Programming languages such as Ada and C++
support the concept of operator overloading,
i. e., the possibility to redefine the meaning of built-in operators
for user-defined types.
Other languages,
e. g., Smalltalk, Prolog,
and modern functional languages such as ML and Haskell,
also allow the programmer to introduce new operator symbols
in order to express application-specific operations
more directly and naturally
than with overloaded built-in operators
or with methods or functions.
The introduction of new operator symbols
(especially if they denote infix operators)
immediately raises the question about their binding properties,
i. e., their precedence
with respect to built-in and other user-defined operators,
and their associativity.
In the above languages,
the programmer introducing a new operator symbol
is forced to assign it a fixed precedence level
on a predefined absolute scale
(e. g., an integral number between 0 and 9).
This approach is both inflexible
(for example,
it is impossible to define a new operator
that binds stronger than plus and minus
but weaker than mult and div,
if there is no gap between these operator classes
in the predefined precedence scale)
and overly prescriptive
(because the programmer is always forced to establish precedence relationships
between all operators,
even though some of them might be completely unrelated
and never appear together in a single expression).
The approach adopted for advanced procedural programming languages advances the above approaches in the following ways:
The precedence of new operators is not fixed on an absolute scale, but only relative to other operators, i. e., the precedence relationship is not a complete, but only a partial ordering on the set of operator symbols, which can be incrementally extended on demand.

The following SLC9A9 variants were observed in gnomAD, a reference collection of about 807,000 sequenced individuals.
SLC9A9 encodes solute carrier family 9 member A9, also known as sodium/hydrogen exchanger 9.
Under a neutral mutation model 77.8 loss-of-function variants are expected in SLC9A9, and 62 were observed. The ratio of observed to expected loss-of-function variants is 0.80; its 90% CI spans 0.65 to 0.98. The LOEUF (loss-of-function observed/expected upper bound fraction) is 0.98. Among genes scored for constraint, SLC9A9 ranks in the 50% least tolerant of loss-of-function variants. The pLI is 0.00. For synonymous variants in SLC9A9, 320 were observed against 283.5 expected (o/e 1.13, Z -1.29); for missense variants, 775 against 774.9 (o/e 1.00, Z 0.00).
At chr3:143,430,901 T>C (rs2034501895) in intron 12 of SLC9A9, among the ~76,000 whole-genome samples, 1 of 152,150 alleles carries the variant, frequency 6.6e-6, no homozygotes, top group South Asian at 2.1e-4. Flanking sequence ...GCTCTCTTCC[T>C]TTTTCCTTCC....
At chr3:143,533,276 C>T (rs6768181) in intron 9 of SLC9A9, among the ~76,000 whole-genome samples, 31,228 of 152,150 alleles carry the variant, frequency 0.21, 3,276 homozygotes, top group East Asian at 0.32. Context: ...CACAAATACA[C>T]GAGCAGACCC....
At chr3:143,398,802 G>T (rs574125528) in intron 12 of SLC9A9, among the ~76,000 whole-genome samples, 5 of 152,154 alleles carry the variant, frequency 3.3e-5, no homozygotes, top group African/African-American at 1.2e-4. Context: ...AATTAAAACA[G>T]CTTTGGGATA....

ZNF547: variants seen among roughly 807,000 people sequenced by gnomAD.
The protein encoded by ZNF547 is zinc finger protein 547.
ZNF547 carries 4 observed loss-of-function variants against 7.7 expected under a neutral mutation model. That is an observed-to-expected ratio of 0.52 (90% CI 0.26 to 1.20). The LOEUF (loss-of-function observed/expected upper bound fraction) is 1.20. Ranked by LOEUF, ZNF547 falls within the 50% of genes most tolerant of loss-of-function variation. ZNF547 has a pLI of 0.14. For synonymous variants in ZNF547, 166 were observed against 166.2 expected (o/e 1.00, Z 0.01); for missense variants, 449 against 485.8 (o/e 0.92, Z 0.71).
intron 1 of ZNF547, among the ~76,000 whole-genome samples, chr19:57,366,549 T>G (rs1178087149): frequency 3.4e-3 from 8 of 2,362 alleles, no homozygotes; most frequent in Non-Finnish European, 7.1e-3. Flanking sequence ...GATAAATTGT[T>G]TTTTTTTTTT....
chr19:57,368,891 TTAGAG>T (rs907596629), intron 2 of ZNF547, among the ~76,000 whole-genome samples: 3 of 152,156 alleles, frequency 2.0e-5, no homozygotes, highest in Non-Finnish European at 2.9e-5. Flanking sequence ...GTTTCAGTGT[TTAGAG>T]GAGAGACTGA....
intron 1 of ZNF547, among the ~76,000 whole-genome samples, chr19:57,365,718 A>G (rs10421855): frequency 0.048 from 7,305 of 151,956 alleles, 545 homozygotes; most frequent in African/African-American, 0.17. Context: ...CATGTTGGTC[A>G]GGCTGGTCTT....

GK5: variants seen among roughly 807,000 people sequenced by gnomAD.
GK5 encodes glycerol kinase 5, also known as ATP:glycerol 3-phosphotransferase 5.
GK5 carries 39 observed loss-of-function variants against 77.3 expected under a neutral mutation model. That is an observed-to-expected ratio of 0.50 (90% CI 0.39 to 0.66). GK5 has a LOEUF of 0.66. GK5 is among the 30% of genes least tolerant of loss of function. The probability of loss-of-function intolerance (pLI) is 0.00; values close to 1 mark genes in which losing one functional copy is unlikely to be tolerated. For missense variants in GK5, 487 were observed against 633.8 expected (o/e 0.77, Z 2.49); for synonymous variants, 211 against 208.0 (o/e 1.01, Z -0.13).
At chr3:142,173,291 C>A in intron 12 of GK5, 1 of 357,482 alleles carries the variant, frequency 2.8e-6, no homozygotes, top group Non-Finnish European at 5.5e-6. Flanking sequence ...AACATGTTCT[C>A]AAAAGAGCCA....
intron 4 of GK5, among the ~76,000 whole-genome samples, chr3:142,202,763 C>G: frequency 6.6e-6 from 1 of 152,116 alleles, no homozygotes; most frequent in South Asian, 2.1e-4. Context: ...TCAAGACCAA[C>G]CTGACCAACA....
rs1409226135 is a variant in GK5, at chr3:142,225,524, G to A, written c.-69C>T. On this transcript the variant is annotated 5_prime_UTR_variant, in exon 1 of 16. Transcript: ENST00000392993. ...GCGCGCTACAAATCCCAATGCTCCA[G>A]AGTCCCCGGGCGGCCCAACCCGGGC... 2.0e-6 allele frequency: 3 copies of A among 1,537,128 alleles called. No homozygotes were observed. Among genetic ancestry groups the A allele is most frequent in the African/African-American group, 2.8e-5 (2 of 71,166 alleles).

In addition to well-known unary and binary operators, fixary operator combinations consisting of a sequence of associated operator symbols to connect a fixed number of operands as well as flexary operators connecting any number of operands are supported.
Finally, operators whose operands are only evaluated on demand (roughly comparable to lazy evaluation in functional languages) are supported in an imperative language. These operators are particularly useful to implement new kinds of control structures, especially as they accept whole blocks of statements as operands, too.
The following declarations introduce new unary operators $
and #
and define their meaning when applied prefix and/or postfix
to any container type C
:
new operator $ unary; new operator # unary; // Return first element of container c (prefix application). template <typename C> typename C::value_type operator $ (const C& c) { return c.front(); } // Return last element of container c (postfix application // indicated as in C++ by an additional dummy argument of type int). template <typename C> typename C::value_type operator $ (const C& c, int postfix) { return c.back(); } // Return number of elements of container c (prefix or postfix // application since dummy argument is optional). template <typename C> typename C::value_type operator # (const C& c, int postfix = 0) { return c.size(); }
The following declarations introduce a new right-associative operator ^^
that binds stronger than the built-in operator *
and define its meaning when applied infix or prefix